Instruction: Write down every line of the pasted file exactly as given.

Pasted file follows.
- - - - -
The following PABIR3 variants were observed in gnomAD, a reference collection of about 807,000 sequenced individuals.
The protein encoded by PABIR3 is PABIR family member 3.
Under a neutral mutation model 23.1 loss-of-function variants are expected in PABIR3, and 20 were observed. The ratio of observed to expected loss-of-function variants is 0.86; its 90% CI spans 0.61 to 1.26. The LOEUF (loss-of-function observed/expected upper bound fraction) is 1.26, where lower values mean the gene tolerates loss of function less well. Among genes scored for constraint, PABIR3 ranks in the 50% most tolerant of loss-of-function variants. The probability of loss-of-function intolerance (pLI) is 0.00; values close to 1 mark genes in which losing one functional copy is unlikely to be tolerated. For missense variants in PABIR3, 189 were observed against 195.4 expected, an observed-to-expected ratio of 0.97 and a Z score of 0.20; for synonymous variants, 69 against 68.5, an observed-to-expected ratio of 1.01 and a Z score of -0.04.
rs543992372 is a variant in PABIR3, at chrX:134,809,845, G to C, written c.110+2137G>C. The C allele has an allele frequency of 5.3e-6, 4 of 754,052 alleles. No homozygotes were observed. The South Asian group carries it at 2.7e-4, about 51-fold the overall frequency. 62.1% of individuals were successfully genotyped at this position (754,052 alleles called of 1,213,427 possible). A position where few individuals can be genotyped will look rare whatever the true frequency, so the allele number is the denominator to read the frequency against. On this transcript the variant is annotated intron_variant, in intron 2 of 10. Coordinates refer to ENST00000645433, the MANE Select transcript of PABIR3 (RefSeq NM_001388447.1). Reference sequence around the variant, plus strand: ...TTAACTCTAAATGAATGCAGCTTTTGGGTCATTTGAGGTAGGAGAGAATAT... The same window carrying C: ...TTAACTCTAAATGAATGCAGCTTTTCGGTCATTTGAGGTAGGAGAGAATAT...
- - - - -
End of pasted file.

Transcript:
The following PABIR3 variants were observed in gnomAD, a reference collection of about 807,000 sequenced individuals.
The protein encoded by PABIR3 is PABIR family member 3.
Under a neutral mutation model 23.1 loss-of-function variants are expected in PABIR3, and 20 were observed. The ratio of observed to expected loss-of-function variants is 0.86; its 90% CI spans 0.61 to 1.26. The LOEUF (loss-of-function observed/expected upper bound fraction) is 1.26, where lower values mean the gene tolerates loss of function less well. Among genes scored for constraint, PABIR3 ranks in the 50% most tolerant of loss-of-function variants. The probability of loss-of-function intolerance (pLI) is 0.00; values close to 1 mark genes in which losing one functional copy is unlikely to be tolerated. For missense variants in PABIR3, 189 were observed against 195.4 expected, an observed-to-expected ratio of 0.97 and a Z score of 0.20; for synonymous variants, 69 against 68.5, an observed-to-expected ratio of 1.01 and a Z score of -0.04.
rs543992372 is a variant in PABIR3, at chrX:134,809,845, G to C, written c.110+2137G>C. The C allele has an allele frequency of 5.3e-6, 4 of 754,052 alleles. No homozygotes were observed. The South Asian group carries it at 2.7e-4, about 51-fold the overall frequency. 62.1% of individuals were successfully genotyped at this position (754,052 alleles called of 1,213,427 possible). A position where few individuals can be genotyped will look rare whatever the true frequency, so the allele number is the denominator to read the frequency against. On this transcript the variant is annotated intron_variant, in intron 2 of 10. Coordinates refer to ENST00000645433, the MANE Select transcript of PABIR3 (RefSeq NM_001388447.1). Reference sequence around the variant, plus strand: ...TTAACTCTAAATGAATGCAGCTTTTGGGTCATTTGAGGTAGGAGAGAATAT... The same window carrying C: ...TTAACTCTAAATGAATGCAGCTTTTCGGTCATTTGAGGTAGGAGAGAATAT...